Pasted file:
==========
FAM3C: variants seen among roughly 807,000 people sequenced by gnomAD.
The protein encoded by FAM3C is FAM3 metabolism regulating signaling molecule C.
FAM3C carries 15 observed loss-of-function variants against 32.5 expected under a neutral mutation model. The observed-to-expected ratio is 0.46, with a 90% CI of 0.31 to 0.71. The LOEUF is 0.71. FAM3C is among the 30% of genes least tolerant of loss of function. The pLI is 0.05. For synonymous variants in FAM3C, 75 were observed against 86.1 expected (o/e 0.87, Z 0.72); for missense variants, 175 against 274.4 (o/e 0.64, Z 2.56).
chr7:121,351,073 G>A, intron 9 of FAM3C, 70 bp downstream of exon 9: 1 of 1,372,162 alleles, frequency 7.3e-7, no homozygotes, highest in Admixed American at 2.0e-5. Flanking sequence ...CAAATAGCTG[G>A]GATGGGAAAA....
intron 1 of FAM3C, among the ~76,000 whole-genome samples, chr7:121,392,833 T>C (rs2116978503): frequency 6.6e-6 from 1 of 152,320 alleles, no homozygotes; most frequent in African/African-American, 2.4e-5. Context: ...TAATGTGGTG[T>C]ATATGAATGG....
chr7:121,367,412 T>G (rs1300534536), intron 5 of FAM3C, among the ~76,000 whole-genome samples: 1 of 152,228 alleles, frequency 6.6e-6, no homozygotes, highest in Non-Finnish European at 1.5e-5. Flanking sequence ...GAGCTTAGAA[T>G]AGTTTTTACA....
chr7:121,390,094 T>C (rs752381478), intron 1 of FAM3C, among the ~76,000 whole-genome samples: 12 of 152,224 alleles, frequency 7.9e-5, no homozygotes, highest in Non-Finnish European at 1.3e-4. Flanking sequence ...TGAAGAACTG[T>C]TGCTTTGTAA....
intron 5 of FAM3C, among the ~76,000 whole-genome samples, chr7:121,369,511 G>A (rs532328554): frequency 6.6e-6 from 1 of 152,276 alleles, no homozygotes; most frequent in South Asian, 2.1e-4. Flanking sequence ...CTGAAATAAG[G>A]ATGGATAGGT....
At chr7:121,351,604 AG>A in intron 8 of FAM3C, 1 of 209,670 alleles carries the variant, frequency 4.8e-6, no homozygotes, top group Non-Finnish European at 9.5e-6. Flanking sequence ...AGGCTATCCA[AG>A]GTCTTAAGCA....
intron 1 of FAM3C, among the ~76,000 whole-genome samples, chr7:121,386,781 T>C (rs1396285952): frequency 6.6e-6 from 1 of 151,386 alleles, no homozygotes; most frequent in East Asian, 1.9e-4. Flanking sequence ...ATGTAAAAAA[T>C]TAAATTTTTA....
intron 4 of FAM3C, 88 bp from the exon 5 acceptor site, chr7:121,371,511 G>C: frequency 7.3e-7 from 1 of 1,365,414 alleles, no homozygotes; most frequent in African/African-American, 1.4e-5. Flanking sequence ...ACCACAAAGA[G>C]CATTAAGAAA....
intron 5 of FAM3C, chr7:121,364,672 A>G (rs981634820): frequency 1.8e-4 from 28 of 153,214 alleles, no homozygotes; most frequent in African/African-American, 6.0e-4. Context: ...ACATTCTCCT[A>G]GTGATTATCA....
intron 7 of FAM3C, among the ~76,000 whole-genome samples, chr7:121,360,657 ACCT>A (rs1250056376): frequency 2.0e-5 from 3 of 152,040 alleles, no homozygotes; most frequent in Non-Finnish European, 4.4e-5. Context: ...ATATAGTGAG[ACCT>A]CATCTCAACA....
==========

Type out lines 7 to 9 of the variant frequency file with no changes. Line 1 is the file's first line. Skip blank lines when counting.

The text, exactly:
chr7:121,390,094 T>C (rs752381478), intron 1 of FAM3C, among the ~76,000 whole-genome samples: 12 of 152,224 alleles, frequency 7.9e-5, no homozygotes, highest in Non-Finnish European at 1.3e-4. Flanking sequence ...TGAAGAACTG[T>C]TGCTTTGTAA....
intron 5 of FAM3C, among the ~76,000 whole-genome samples, chr7:121,369,511 G>A (rs532328554): frequency 6.6e-6 from 1 of 152,276 alleles, no homozygotes; most frequent in South Asian, 2.1e-4. Flanking sequence ...CTGAAATAAG[G>A]ATGGATAGGT....
At chr7:121,351,604 AG>A in intron 8 of FAM3C, 1 of 209,670 alleles carries the variant, frequency 4.8e-6, no homozygotes, top group Non-Finnish European at 9.5e-6. Flanking sequence ...AGGCTATCCA[AG>A]GTCTTAAGCA....